I rise to give my support and that of the Scottish National party to the amendments designed to retain the charter of fundamental rights in domestic law, and those designed to preserve legal remedies for individuals and businesses to enforce these rights in the courts and to be compensated when the rights are breached.
It is heartening to see such strong cross-party support for these amendments. I very much hope that the Conservative rebels will have the courage of their convictions to push these amendments to a vote tonight, despite the unpleasant pressure they have been subjected to as a result of the actions of certain newspapers. That is a matter for them. There are other cross-party amendments on the charter that I am sure will be pressed to a vote if those in the name of Mr Grieve are not pushed to a vote.
Before I address why the SNP supports these amendments, I have a crucial question for the Minister. It needs to be answered, not for my benefit, but for the benefit of the whole House and, indeed, the country. The clause we are debating today revolves around the supremacy of EU law and whether the charter will be part of domestic law after exit day, but, as has already been mentioned in our debate, this morning the Prime Minister’s official spokesman told a routine Westminster briefing that the Government expect
“the ECJ’s role to be unchanged during an ‘implementation period’
of around two years following the official Brexit date in March 2019”.
Are those on the Treasury Bench aware of that statement? Can they explain to us how it impacts on what we are debating today? If the Prime Minister is of the view, as her spokesman has said, that the Court of Justice’s role will be unchanged during a two-year implementation period from exit day, not only is the rather ridiculous amendment brought to this House by the Government last week defining exit day rendered utterly meaningless, but much of the debate we are having this afternoon about clause 5 and, indeed, the debate we had last week about clause 6 and other clauses are rendered meaningless.
I am not trying to score a party political point here. This is a matter of legal certainty which is of the utmost importance to all UK citizens and to UK business and universities. Which is it? Is what the Prime Minister’s official spokesman said this morning correct? Is the Court of Justice’s role going to continue unchanged during a two-year implementation period and, if so, how does that impact on what we are debating today? I am very happy for the Minister to intervene on me to clarify that, but if he wishes to take advice, I am sure that his ministerial colleague the Solicitor General will clarify that vital point and the impact of the Prime Minister’s statement this morning on the entirety of this Bill, and most particularly the clause we are debating.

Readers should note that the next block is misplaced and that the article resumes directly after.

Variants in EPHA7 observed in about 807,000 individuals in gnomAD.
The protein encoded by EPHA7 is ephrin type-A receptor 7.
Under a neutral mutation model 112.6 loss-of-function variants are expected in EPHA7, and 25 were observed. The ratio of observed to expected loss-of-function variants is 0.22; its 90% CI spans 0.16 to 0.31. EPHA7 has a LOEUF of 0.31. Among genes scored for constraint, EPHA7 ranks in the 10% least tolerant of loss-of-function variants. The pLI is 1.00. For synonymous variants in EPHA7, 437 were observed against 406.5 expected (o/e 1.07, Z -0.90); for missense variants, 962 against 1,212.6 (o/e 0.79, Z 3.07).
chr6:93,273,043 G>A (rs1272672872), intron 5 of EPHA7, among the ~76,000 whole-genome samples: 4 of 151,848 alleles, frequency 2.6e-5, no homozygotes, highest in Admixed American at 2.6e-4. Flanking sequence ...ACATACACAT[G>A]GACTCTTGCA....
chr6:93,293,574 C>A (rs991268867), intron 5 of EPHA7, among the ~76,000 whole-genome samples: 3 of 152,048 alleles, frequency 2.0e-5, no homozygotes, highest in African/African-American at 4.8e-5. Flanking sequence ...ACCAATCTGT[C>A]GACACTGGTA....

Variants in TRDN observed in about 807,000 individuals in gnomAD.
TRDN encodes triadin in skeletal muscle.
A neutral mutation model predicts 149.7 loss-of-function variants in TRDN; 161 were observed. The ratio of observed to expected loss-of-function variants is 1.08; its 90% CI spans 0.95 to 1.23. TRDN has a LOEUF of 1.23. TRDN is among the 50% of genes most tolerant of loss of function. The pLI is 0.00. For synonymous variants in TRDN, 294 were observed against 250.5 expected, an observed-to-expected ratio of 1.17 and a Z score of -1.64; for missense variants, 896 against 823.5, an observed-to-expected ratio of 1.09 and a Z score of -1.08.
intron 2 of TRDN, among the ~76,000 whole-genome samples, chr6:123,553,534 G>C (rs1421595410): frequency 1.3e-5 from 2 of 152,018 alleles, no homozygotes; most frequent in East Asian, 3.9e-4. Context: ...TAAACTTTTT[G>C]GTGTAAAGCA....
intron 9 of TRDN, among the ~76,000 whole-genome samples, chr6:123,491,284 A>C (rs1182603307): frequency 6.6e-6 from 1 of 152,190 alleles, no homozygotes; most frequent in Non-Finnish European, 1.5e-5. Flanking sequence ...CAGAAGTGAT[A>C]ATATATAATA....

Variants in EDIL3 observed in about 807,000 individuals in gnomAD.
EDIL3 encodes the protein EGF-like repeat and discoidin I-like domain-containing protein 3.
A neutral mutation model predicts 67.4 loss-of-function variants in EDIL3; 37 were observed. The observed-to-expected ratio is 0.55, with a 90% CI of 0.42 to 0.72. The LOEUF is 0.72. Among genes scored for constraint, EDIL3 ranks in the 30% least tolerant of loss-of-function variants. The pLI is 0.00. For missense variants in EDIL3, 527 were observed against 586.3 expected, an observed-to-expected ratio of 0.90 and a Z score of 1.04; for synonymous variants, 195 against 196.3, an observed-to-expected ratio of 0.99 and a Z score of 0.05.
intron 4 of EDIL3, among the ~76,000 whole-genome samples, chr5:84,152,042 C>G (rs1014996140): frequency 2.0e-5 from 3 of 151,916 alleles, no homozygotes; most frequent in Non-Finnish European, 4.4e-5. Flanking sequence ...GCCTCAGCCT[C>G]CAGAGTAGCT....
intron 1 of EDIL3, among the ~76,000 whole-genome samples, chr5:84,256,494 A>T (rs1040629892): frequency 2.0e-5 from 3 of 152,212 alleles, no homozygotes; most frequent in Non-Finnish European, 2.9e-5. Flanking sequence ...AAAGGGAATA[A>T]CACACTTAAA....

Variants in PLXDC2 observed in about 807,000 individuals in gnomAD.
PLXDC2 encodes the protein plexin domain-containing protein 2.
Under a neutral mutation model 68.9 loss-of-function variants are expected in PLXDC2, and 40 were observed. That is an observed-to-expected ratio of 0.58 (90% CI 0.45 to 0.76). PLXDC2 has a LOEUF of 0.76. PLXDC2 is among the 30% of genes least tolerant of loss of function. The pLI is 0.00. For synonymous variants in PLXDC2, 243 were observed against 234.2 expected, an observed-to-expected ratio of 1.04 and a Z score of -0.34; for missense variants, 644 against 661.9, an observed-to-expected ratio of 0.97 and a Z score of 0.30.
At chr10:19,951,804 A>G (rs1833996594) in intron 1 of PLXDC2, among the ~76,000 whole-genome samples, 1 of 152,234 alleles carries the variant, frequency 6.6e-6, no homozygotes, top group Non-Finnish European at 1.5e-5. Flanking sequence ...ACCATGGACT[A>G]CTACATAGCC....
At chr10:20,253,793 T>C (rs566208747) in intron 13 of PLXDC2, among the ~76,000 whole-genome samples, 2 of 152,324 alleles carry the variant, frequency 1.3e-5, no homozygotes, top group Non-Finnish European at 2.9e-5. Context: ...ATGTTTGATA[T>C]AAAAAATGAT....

In any event, if this somewhat holed-beneath-the-waterline Bill is to survive and limp on, the SNP commits itself wholeheartedly to the amendments to keep the charter of fundamental rights and to keep individuals’ and businesses’ rights to sue and enforce and make those rights meaningful, because that is what the individual right of enforcement and Francovich damages are all about: making rights meaningful. For anyone who has studied law, a right without a remedy is a pretty useless thing; it is trite law.
The Scottish Government published their programme for government earlier this year, and reiterated their commitment to international human rights norms. It is important to remember that human rights are not wholly reserved by this Parliament when it comes to the devolution settlement, so what the Scottish Government choose to do could be very important, particularly if Scotland is to be taken out of the European Union against her will. My colleagues in the Scottish Government have emphasised that it is essential that existing safeguards are not undermined by Brexit, and that the rights enjoyed by everyone in these islands, as EU citizens, need to be permanently locked into a future deal. That is why we oppose the removal of the EU charter of fundamental rights from domestic law, and why we opposed the Government’s previous desire to repeal the Human Rights Act.
I was interested in the Minister’s reiteration—in fairness, this has been reiterated by the Government several times during this debate—that there is no intention to withdraw from the European convention on human rights. But, as I have already said, rights without remedies are not much use. The great thing about the Human Rights Act was that it gave UK citizens the opportunity to enforce their rights by raising actions in the courts of their own jurisdiction. Will the Minister—or the Solicitor General, when he gets to his feet—confirm the Government’s intentions regarding the Human Rights Act?